20 Questions with Ulrika Jonsson

December 2020 marks one year since the fabulous Ulrika Jonsson hosted two sell-out, hugely successful Divertimenti supper clubs. Ulrika is originally from Sweden, and began cooking at the age of 12, heavily inspired by her step-father. A TV presenter and best-selling author, Ulrika went on to star in the final of Celebrity Masterchef. She agreed to give us an insight into her cooking background, inspirations and passions! 


Yaxell Samurai Challenge

Ulrika also took part in our Yaxell Samurai Challenge whilst she was at our Cookery School. Yaxell knives are famous for their sharp blade and cutting abilities, we wanted to see just how sharp they were. We challenged some Ulrika to slice through water bottles! We think she rather enjoyed it too! Take a look ...

 1. When and where were you when you first put on an apron and decided that you enjoyed cooking?

Believe it or not, I had a very strict upbringing and my stepfather never let me go out.  He was and still is a great cook so when I moved to England at the age of 12 to live with him and my mother, I just used to spend my weekends cooking.  My favourite and ‘only’ cookbook at the time was ‘The St Michael All Colour Cookery Book’ – basically a Marks & Sparks cookbook.  But it was brilliant because in its classic 70s photography I could see what it was I was supposed to create and it became my little bible. 

2. Who's been your biggest inspiration for you to start cooking and who do you feel you've learnt the most from?

I guess my stepfather, Michael Brodie, will have to be my biggest inspiration for cooking.  I used to stand next to him in the kitchen and observe.  I listened, too – something my children don’t seem to want to do in the kitchen. But I learnt so much about provenance and culture, too, as he was very well travelled.  And because my early childhood before the age of 12 had been pretty malnourished, I just couldn’t get out of the kitchen.  I just loved food.  Even school dinners.   In the evening we would sit down and watch Keith Floyd on the telly and he was just the main man as I was concerned.  I loved his irreverence and the way he connected with the food (and bottle).  God, I miss him.


3. With a near victory in Masterchef and two hugely successful fully-booked Divertimenti supper clubs under your apron strings, you’ve hopefully got confidence in your abilities as a chef…when did you first realise that you could take your cooking skills out of your own kitchen and onto a wider stage? Who gave you the support and confidence that any of us need would need to take that leap?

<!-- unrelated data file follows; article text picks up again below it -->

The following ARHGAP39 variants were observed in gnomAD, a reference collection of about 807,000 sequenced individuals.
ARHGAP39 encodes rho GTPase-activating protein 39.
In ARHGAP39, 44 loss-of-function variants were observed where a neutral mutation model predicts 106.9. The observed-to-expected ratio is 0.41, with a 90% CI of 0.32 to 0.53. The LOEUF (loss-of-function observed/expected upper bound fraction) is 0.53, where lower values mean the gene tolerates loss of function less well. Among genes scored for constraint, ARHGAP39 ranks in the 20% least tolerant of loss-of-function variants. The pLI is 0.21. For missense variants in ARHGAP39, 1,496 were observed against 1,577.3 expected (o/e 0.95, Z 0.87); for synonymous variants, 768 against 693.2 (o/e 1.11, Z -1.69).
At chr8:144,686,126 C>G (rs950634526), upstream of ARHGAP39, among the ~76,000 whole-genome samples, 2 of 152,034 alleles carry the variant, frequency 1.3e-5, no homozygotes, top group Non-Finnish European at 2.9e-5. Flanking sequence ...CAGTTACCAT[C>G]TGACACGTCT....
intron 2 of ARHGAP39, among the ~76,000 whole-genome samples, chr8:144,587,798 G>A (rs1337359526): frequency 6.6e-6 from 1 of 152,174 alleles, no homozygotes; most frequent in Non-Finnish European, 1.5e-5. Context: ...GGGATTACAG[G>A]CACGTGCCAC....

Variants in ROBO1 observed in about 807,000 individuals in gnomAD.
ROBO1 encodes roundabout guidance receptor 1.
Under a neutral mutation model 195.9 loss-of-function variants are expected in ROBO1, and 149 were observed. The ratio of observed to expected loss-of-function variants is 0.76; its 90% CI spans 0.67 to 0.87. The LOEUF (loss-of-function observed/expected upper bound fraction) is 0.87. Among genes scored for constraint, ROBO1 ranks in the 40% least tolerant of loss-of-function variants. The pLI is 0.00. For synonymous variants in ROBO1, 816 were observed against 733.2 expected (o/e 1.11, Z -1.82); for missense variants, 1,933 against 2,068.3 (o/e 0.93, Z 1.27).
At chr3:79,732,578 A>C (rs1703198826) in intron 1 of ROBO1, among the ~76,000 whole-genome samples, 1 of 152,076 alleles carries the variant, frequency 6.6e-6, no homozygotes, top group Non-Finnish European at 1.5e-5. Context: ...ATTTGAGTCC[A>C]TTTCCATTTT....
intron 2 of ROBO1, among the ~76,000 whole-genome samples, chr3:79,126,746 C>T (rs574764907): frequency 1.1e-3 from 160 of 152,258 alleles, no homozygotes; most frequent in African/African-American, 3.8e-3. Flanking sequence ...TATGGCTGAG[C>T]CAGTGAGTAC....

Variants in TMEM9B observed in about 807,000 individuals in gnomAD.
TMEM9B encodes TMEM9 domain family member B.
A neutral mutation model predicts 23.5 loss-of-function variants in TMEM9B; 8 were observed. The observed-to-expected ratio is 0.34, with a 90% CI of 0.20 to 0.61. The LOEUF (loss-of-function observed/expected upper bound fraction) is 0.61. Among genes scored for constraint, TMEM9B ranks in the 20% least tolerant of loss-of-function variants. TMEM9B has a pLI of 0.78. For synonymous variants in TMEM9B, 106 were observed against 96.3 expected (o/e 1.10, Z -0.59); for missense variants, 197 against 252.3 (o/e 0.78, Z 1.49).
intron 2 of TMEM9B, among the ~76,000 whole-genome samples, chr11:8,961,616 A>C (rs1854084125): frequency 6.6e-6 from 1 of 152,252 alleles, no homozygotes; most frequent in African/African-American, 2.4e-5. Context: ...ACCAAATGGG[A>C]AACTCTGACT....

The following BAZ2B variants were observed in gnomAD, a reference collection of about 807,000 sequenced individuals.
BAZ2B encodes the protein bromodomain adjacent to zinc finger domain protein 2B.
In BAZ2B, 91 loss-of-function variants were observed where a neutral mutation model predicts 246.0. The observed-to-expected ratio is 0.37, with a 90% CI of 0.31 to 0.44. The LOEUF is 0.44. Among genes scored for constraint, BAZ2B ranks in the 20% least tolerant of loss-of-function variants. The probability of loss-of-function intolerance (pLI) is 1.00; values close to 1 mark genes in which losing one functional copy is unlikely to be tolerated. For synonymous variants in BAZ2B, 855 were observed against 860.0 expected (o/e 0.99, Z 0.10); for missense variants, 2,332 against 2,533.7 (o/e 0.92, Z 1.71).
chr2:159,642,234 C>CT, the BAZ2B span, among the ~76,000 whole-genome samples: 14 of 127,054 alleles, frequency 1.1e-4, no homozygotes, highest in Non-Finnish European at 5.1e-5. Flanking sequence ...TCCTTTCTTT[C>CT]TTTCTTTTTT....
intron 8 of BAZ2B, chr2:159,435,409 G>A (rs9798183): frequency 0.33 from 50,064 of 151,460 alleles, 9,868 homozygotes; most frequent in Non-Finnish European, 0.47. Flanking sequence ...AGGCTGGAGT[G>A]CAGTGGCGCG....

To be honest, I’ve never felt that I could take my cooking skills out of my own kitchen but what Celebrity Masterchef made me do was to ‘force’ me out of my comfort zone and into a new arena.  It was really daunting at first and I remember feeling deeply disorientated – cooking in a STUDIO in front of cameras – but I was so keen to do the show, I just cracked on.  I think having done big family events and catering part of my sister’s wedding 18 months ago, just prepared me for ‘catering’ on a bigger scale.  The “Mass Catering” challenge on Celeb Masterchef sat better with me than being in a restaurant kitchen.  Maybe that’s what I’m made for…….   Support-wise, I just rely on myself but also I’ve got to know so many people in the cooking/chef community that I sometimes throw them wild questions.

4. Tell us what it was like cooking for nearly 50 guests at your first Divertimenti supper club! You managed to make it all look very calm – what were the highlights and were there any moments of panic? Were there any kitchen tools you used that made life easier?

Gosh, that first Supperclub was a real Baptism of Fire.  Because I’d insisted on doing more or less everything myself – including flowers, party favours, schnapps, place settings, bread, pickles AND all the food – the run-up was absolutely mind-blowingly relentless.  But the great things about the Divertimenti kitchen is it’s BIG and it has so many ‘devices’.  I used the Magimix Cook Expert to make the dill mayo which was speedy and brilliant.  I just loved having EVERYTHING at my disposal.  It was a real luxury.


5. Would you do another Supper Club (obviously we’d hope it would be at Divertimenti…)? If so, what’s on the menu and which season of the year do you enjoy most?

I would LOVE to do another Supper Club!  I loved it so much and felt such an overwhelming sense of achievement because the feedback was so lovely and personal.  The atmosphere was warm and lively and that made me so happy.  I think next time I would aim for something more Spring or Summer-like.  I have to say that Spring offers up so many different flavours, it would be hard not to come up with something lovely that time of the year.